US Foreign Policy Adrift As Trump’s Bombast Makes Enemies
US Foreign Policy Adrift As Trump’s Bombast Makes Enemies At Home And Abroad
INSIGHTS ABOUT THE NEWS - The headline-grabbing hyperbole of US President Donald Trump threatening North Korea with “fire and fury like the world has never seen before” made US political and foreign policy experts weigh up the prospects of him unleashing America’s deadliest weaponry.
As our US correspondent reports, they give him little chance of gaining Chinese, Japanese or South Korean support – unless the North attacks the US, its Asian military bases or its allies. The possibility of nuclear fallout alone is cited as a compelling reason for their position.
But if Trump were to evoke international condemnation by pressing on toward fulfilling his threat in the absence of any North Korean provocation, there is a strong view either the Joint Chiefs of Staff would intervene to inhibit use of the nuclear option or Congress would act to refuse authority, possibly through legislation expressly to forbid it.
That there may be an appetite for the legislative route was signalled by respected Senator and former presidential candidate John McCain when he remarked recently that under the US Constitution the Congress is the second and co-equal partner of the President.
Senators and members of the House of Representatives regard this partnership as a cornerstone of American democracy. Several Washington insiders think only the objections of Republican congressional figures have stopped Trump firing his Attorney-General, former senator Jeff Sessions, for his failure to put an end to investigations of Russian meddling in the presidential elections.
There are 15 months to the next midterm Congressional elections, when the Republicans face the threat of losing their majorities in the House and the Senate. Effectively they have two choices – stay with Trump and lose control of both Houses or try to depose the President before then.
A strongly held view among Democrats is it is unlikely Republicans will be able to unify around a strategy to dump the President, with the proviso that the Grand Jury empanelled by the Special Prosecutor to look into evidence of Russian election meddling does not come up with a “smoking gun” revelation.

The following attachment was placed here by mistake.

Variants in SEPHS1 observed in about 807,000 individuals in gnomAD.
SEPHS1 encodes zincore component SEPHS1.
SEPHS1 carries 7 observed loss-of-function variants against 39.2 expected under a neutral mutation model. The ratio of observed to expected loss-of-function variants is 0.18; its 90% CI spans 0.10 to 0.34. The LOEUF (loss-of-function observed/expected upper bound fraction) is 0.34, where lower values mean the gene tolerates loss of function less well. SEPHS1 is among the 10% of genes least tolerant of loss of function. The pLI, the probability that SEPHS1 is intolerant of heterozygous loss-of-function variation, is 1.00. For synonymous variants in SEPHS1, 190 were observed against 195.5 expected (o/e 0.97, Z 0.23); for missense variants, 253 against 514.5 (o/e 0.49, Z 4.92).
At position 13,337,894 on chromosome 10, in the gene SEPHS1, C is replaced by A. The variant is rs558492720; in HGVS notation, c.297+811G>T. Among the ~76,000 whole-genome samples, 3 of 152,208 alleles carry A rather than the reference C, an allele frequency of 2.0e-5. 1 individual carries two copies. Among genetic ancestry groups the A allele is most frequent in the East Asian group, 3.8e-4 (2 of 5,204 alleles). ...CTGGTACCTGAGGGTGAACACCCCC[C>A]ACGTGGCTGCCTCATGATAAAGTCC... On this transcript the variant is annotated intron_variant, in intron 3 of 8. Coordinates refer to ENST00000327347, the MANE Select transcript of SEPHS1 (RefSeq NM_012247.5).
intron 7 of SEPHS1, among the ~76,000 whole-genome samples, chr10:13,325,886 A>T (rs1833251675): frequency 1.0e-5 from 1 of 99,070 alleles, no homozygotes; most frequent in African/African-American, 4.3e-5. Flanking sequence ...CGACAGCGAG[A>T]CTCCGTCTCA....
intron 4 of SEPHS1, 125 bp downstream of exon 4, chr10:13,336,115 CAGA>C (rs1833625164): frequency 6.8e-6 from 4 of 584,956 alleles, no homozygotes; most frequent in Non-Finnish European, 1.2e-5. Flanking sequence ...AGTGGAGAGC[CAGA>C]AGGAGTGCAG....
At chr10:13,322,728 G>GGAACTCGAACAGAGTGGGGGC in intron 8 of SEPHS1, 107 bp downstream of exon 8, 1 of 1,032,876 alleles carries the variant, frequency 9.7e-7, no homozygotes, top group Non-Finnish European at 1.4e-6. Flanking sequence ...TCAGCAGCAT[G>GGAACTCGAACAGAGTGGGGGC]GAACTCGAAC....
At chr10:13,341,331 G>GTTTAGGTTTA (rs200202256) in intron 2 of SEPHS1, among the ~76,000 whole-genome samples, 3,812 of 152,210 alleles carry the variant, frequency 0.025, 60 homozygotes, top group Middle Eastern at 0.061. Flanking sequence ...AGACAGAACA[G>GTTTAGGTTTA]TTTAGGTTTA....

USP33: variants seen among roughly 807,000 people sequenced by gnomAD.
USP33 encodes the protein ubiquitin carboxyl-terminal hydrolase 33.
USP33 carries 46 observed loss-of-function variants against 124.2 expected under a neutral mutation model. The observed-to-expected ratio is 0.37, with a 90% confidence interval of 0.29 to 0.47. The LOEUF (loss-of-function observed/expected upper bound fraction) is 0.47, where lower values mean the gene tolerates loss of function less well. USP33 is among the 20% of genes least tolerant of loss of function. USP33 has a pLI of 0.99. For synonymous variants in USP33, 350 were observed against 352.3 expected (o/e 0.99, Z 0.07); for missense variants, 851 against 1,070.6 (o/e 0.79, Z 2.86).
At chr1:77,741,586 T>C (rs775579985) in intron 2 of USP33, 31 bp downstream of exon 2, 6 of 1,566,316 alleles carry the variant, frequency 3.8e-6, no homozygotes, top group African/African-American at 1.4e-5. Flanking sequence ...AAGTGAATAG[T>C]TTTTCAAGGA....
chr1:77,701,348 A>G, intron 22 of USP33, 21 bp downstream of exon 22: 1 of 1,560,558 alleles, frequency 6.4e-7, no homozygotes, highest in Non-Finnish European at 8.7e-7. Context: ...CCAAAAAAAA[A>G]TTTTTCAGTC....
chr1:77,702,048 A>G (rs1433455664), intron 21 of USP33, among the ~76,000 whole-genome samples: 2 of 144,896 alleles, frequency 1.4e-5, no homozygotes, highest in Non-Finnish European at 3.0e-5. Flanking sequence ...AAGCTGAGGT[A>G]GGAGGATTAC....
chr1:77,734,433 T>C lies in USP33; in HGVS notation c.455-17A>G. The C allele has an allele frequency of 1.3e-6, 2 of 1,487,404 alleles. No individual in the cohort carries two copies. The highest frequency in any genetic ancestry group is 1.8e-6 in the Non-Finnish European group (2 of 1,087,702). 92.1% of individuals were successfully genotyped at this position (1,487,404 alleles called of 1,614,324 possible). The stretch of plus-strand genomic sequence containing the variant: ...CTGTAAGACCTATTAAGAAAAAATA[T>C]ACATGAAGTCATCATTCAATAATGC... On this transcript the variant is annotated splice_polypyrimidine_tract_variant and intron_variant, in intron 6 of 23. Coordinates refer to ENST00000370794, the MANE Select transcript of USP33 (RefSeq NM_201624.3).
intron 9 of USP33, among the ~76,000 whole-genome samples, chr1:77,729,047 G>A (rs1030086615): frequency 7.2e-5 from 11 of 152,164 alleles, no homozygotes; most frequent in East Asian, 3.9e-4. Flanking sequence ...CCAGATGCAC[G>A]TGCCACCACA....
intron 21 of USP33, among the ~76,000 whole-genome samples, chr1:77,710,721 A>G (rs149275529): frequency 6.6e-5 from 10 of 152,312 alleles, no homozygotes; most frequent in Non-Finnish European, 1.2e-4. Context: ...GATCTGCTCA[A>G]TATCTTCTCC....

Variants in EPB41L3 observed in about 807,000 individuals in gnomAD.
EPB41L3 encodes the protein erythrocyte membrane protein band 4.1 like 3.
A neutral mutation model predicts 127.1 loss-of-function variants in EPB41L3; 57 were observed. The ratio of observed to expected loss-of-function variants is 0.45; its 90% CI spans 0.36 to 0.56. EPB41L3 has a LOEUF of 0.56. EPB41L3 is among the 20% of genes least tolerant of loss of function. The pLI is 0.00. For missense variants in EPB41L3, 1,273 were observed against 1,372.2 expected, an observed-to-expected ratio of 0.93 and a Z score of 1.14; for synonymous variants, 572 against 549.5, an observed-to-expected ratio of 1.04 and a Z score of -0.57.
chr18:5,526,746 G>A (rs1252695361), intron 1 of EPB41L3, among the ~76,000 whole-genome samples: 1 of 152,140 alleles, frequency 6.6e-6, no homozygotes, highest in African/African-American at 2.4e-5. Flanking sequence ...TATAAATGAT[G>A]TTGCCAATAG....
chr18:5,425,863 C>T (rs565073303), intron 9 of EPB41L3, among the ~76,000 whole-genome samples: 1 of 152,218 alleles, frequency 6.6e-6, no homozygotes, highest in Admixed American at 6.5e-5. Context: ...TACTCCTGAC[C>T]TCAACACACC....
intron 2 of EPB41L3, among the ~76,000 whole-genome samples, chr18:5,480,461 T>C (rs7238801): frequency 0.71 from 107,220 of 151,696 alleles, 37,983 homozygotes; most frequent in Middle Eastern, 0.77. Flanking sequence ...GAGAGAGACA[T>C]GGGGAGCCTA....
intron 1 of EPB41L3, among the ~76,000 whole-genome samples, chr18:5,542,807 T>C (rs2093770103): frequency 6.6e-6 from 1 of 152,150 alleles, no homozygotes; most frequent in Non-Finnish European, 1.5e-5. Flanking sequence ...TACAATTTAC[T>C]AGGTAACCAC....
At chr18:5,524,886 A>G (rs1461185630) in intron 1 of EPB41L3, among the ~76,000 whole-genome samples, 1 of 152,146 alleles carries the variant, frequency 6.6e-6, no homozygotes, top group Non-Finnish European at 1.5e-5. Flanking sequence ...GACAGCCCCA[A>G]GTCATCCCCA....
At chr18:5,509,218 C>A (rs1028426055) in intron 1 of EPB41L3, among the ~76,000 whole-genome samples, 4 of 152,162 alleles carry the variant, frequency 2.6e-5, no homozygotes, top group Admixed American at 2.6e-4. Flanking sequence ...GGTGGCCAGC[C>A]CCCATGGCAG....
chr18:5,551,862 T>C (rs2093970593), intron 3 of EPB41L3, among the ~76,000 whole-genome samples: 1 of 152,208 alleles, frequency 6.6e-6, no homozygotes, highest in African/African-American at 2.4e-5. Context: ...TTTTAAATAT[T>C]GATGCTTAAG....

Views that the Republicans face an electoral bath if Trump is still in office are reinforced by statistics of past elections. They relate to 106 relatively affluent voting districts in major cities. Republican Ronald Reagan won 92 of the districts in 1984, but Trump lost 89 of them last year.
Democrats consider the predominantly white, white-collar, married suburbanites in these districts were a bastion of Republican support in the Reagan years. However, the same people’s distaste for Trump means they are likely to turn on Republican candidates at the midterm elections.
Republicans’ unhappiness about their electoral prospects resonate in the corridors of the State Department. More than 20 Assistant Secretary of State positions are unfilled. These secretaries are a vital element in the interplay between political and professional outlooks on foreign policy issues.
This is the level where policies are sanded and smoothed ready for acceptance by the Secretary of State and the President. As one insider put it, “this is where the rubber meets the road.”
The absence of so many Assistant Secretaries means there is a significant shortage of professional diplomatic input into areas where the White House has no, or little, interest. It is not considered an administrative recipe for sound decision-making, and offers a reason why the US is floundering in many areas of bilateral and multilateral dealings.
Advice for New Zealand foreign policymakers is broadly: lie low and await the outcome of the political turmoil gripping the US capital.